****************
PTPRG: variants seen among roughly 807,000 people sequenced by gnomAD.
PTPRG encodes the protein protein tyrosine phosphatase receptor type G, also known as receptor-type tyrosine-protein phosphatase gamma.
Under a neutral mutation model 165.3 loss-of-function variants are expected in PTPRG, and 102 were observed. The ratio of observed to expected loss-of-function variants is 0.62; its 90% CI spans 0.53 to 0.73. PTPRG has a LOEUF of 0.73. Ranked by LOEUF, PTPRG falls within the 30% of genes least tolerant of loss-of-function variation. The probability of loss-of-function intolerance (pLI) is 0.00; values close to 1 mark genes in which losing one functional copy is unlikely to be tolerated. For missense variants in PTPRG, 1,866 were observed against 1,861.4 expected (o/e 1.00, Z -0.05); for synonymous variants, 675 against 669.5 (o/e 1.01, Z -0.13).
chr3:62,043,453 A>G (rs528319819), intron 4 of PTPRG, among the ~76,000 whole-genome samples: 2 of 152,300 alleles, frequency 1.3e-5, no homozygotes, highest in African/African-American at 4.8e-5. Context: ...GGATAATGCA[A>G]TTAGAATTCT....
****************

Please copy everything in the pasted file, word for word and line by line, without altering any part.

PTPRG: variants seen among roughly 807,000 people sequenced by gnomAD.
PTPRG encodes the protein protein tyrosine phosphatase receptor type G, also known as receptor-type tyrosine-protein phosphatase gamma.
Under a neutral mutation model 165.3 loss-of-function variants are expected in PTPRG, and 102 were observed. The ratio of observed to expected loss-of-function variants is 0.62; its 90% CI spans 0.53 to 0.73. PTPRG has a LOEUF of 0.73. Ranked by LOEUF, PTPRG falls within the 30% of genes least tolerant of loss-of-function variation. The probability of loss-of-function intolerance (pLI) is 0.00; values close to 1 mark genes in which losing one functional copy is unlikely to be tolerated. For missense variants in PTPRG, 1,866 were observed against 1,861.4 expected (o/e 1.00, Z -0.05); for synonymous variants, 675 against 669.5 (o/e 1.01, Z -0.13).
chr3:62,043,453 A>G (rs528319819), intron 4 of PTPRG, among the ~76,000 whole-genome samples: 2 of 152,300 alleles, frequency 1.3e-5, no homozygotes, highest in African/African-American at 4.8e-5. Context: ...GGATAATGCA[A>G]TTAGAATTCT....